Paper No. 2
Presentation Time: 8:20 AM
MODELING GROUND-WATER RECHARGE FROM PRECIPITATION—DEVELOPMENT AND IMPLEMENTATION OF THE GSFLOW MODEL
Flow and storage in the unsaturated zone commonly are neglected when assessing ground-water recharge in humid areas, because the unsaturated zone is assumed to be too thin to store much water. Consequently, most ground-water flow models in humid areas apply recharge directly to the saturated zone. Changing land use and ground-water development have increased concerns regarding ground-water interaction with surface water and have led to more sophisticated techniques to model spatial- and time-varying recharge. GSFLOW is a ground-water/surface-water flow model being developed by the USGS that couples the Precipitation Runoff Modeling System (PRMS) with the Modular Ground-Water Flow Model (MODFLOW). The coupling is via a new soil-moisture zone module in PRMS and a new unsaturated-zone flow package in MODFLOW. GSFLOW simulates spatial- and time-varying recharge on the basis of daily energy and mass balances among precipitation, solar radiation, heat, evapotranspiration, runoff, infiltration, and storage in the snowpack and soil zone, and percolation and storage through the unsaturated zone. Fluxes are computed dynamically among PRMS hydrologic response units and corresponding MODFLOW cells. GSFLOW has a modular design that allows for the use of existing and future PRMS modules and MODFLOW packages.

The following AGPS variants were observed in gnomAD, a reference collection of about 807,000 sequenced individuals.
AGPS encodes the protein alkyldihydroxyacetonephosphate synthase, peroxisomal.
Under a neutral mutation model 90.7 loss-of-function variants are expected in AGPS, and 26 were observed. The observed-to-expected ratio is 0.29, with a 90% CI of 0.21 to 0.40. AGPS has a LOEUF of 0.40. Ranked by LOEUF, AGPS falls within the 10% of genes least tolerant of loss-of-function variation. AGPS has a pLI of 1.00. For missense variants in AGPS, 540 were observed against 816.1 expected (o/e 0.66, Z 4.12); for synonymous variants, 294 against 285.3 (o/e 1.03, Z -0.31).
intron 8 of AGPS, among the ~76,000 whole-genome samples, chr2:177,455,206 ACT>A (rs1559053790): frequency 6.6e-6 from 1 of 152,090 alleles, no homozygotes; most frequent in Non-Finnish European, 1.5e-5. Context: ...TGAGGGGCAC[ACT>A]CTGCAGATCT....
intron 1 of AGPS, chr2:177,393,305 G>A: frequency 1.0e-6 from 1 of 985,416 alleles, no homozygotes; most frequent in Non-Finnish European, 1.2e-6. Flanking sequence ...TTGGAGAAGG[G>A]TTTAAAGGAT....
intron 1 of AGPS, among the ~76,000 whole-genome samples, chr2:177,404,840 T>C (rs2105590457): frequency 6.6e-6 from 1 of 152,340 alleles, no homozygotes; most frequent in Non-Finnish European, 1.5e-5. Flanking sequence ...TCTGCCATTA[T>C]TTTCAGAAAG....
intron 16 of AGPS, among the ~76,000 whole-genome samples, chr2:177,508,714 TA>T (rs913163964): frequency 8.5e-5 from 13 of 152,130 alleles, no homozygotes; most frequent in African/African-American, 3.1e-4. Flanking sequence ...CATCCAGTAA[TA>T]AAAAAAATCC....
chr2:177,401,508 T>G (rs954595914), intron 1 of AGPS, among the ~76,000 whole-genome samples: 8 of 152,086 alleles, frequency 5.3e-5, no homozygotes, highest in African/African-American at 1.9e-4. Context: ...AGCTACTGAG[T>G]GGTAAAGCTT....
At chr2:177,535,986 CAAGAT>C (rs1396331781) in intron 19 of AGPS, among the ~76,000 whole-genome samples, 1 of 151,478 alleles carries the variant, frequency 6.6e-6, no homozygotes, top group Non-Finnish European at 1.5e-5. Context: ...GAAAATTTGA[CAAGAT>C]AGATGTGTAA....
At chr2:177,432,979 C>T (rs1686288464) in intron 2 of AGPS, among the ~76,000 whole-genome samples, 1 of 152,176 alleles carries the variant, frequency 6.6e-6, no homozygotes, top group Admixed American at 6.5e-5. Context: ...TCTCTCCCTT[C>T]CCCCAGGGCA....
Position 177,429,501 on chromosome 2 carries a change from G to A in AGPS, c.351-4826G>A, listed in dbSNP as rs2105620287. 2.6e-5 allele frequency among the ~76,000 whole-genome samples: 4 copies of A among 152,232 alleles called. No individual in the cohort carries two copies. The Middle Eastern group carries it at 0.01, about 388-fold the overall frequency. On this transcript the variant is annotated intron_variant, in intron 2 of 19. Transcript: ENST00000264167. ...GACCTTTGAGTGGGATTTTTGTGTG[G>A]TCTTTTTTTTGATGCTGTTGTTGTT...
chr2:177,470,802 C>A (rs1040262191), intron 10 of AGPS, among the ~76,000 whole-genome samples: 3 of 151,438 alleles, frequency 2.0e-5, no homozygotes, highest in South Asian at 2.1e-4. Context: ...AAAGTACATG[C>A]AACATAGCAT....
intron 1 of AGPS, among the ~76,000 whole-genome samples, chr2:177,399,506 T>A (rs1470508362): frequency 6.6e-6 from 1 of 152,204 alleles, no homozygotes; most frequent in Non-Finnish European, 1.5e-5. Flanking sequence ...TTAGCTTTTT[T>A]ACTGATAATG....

GSFLOW is being tested on a 27 km2 watershed underlain by volcanic rocks in the Sierra Nevada near Truckee, California. Land-surface altitude ranges from 1,925 to 2,800 m. Mean precipitation ranges from 89 cm/yr near the basin outlet to 122 cm/yr at the highest elevations. Mean runoff is 40 cm/yr. Most precipitation occurs from November through March in the form of snow. The snowpack normally begins melting in March at the lower elevations and the melt progresses to higher elevations during April through June. The simulation period is from 1981 through 1997 and includes large variations in precipitation and snowmelt. The simulation of ground-water recharge in lowland areas, where the unsaturated zone is thin or nonexistent, results in a rapid streamflow response. Whereas, the simulation of increased recharge in upland areas following years of above normal precipitation, where the unsaturated zone is more than 20 m thick, results in a slow and gradual increase of ground-water discharge to streams.